On that November day while Arnold drove the two anglers out to his preferred fishing flats through shallow waters and thick marshlands with thick salt air in their faces, with a temperature of 70 degrees and light winds, Kimberly said she couldn’t help notice what a “perfect day” it was for fishing.
Since it was Kimberly’s first Redfish experience, Arnold decided to get her hands wet by siccing her on a smaller (eight pound) Redfish he sighted early on in the day. Without fail, Kimberly caught it. That day, she was using an eight-weight rod (which she borrowed) with a fly Arnold called Hailey’s Comet – a purple-and-gold fly pattern mimicking a small crab – tied on with six-pound tippet.
With her first fish under her belt, the three set off to find larger fish, and soon succeeded.
“Greg spotted it about 100 feet straight off the bow,” Kimberly said.
“Then John spotted it and said, ‘This is a world record fish,’” Arnold said, remembering the excitement of spotting the huge shadow across the flat. “John got down off the casting platform and she got up. She made one cast, maybe two, and hooked it.”
“My casting is not something to behold, but I got it there,” Kimberly said. “I stripped it in a little bit, and the line went tight.”
What ensued over the next 40 minutes was what every angler lives for: A bent rod; the clicking sound of a geared reel; and the knowledge that an extremely large fish could be landed on very light-test line.
“I had never fought a fish that large, and I didn’t know what I was in for. It seemed like the fish ran 20 times. I was really nervous that I only had the six-pound tippet on,” she said of the frantic fight that bruised her abdomen while she struggled to bring the monster in.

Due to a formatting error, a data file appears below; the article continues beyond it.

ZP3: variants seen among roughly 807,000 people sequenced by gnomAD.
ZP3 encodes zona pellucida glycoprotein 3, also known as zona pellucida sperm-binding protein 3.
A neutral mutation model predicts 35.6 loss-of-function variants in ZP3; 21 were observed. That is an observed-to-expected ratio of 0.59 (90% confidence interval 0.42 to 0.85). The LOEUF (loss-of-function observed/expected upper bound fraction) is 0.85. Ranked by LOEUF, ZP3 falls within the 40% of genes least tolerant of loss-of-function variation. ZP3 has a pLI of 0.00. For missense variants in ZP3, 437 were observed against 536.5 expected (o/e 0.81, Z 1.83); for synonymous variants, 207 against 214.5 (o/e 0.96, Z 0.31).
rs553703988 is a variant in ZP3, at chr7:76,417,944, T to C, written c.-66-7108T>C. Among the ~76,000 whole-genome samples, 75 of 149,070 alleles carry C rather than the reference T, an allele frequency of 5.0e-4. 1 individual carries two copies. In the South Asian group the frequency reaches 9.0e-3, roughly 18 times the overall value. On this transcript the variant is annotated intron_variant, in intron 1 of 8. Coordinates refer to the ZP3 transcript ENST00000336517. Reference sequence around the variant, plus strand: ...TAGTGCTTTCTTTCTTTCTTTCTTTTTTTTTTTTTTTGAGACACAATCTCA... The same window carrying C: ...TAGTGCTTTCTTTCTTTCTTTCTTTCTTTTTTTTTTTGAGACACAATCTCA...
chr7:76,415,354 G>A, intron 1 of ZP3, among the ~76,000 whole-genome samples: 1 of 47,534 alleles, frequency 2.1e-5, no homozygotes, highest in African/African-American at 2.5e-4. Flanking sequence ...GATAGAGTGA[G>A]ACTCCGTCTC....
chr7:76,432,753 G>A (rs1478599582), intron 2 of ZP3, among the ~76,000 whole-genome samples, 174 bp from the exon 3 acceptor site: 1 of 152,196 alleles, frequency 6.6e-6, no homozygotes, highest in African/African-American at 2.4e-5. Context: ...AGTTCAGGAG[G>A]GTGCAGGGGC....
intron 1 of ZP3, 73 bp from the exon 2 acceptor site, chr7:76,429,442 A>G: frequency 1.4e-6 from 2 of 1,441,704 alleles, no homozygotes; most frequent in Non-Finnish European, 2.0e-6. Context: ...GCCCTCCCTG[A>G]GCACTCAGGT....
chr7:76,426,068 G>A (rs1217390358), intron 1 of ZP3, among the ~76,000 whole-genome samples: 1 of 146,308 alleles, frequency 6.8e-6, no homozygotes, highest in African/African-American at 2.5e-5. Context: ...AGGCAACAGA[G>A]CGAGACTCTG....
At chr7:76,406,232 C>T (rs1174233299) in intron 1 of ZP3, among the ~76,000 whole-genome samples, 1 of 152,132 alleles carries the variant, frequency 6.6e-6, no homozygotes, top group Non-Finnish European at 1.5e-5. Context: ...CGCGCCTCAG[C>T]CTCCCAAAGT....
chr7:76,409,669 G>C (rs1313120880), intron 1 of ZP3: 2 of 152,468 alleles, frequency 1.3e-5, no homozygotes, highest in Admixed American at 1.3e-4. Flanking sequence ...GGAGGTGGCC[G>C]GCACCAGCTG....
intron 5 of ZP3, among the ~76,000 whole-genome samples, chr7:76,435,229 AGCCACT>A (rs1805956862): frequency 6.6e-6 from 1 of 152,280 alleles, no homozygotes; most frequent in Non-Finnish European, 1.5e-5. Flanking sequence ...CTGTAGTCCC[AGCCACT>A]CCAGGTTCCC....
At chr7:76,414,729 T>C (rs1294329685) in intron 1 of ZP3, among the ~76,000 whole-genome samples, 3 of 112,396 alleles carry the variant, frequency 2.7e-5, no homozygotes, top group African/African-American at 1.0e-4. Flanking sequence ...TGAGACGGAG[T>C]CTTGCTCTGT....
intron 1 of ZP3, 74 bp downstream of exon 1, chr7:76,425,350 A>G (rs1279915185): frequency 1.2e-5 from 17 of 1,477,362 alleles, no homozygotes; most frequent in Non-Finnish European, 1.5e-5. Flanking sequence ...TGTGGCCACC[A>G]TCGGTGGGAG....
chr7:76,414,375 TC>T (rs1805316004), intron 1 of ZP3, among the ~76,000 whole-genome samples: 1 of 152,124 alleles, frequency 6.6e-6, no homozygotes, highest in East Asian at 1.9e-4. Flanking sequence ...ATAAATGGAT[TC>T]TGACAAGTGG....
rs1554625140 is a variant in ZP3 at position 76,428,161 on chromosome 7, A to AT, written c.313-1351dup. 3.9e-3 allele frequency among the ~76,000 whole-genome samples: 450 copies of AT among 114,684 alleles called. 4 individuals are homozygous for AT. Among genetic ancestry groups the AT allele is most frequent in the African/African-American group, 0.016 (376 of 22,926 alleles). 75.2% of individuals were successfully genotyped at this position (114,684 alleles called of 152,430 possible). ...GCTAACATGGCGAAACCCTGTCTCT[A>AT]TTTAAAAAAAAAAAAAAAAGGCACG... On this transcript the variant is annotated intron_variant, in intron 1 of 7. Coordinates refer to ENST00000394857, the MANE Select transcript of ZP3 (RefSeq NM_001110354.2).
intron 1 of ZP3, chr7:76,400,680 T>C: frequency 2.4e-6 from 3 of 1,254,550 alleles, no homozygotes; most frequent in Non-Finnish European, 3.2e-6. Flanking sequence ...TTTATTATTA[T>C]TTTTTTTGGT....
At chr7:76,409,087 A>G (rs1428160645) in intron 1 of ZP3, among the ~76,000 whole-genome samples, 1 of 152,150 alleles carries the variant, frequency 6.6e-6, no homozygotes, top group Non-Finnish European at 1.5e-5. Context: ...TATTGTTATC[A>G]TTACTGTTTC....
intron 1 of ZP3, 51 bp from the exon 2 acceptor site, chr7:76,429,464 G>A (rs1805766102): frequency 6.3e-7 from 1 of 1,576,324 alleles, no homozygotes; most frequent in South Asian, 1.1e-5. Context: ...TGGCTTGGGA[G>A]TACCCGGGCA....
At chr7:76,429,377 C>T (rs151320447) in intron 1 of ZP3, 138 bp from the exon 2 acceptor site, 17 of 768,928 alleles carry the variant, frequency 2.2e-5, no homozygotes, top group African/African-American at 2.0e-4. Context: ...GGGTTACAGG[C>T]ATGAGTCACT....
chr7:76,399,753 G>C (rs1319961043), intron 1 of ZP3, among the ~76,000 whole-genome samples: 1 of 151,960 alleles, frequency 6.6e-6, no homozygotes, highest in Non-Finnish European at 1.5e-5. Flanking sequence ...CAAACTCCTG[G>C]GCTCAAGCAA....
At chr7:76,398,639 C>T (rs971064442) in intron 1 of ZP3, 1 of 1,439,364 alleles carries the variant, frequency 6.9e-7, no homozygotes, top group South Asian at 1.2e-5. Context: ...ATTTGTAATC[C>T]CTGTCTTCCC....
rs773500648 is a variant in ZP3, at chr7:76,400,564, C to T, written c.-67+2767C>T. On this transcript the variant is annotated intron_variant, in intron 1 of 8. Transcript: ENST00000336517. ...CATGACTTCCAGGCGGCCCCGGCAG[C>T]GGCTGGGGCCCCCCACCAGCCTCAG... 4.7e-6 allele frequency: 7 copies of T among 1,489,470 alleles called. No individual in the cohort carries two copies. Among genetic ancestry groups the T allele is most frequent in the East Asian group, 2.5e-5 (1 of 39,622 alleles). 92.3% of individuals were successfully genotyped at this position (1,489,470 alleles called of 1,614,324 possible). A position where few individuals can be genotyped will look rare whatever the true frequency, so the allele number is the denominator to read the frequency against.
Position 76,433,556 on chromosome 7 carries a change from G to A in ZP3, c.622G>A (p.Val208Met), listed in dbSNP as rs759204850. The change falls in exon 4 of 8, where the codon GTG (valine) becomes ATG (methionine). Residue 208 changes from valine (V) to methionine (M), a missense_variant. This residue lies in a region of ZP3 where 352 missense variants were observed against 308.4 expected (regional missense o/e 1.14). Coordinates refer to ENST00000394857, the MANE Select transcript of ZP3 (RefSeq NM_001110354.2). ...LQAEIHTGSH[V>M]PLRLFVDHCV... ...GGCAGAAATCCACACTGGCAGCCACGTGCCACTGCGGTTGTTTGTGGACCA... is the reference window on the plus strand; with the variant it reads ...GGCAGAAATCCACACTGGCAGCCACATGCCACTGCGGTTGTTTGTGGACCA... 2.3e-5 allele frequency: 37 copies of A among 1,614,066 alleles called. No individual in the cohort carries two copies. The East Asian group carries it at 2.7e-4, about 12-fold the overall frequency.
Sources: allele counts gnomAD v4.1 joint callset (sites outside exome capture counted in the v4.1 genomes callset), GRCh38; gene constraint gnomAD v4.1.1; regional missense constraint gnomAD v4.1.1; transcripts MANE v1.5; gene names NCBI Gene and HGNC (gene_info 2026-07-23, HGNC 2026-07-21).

In retrospect, she likened the fight with the fish to childbirth, with the “several states of mind” she experienced during the fight while her husband coached her along. The guide gave her all the right tips.
“I was nervous,” John said. “There is so much that can go wrong during that fight period, but she got it in.”
Knowing that Kimberly’s catch could be a world record, Arnold got out the scale and camera – taking pictures in various positions with the scale so that the IGFA would have no question that it was a world-record fish for that size tippet. And like any good sporting angler, Kimberly revived and released her fish, once the photos were taken.
For now, Kimberly is the world-record holder for her catch that November morning, and her advice to other anglers, especially those who choose not to listen to the experts of the water, is this: “A lot of men wouldn’t catch that fish. You have to trust your guide and listen to your guide.”
Kimberly’s and other world records can be viewed at www.igfa.org. For information on Redfish expeditions with Arnold, information can be found at www.fishinthelandofgiants.com.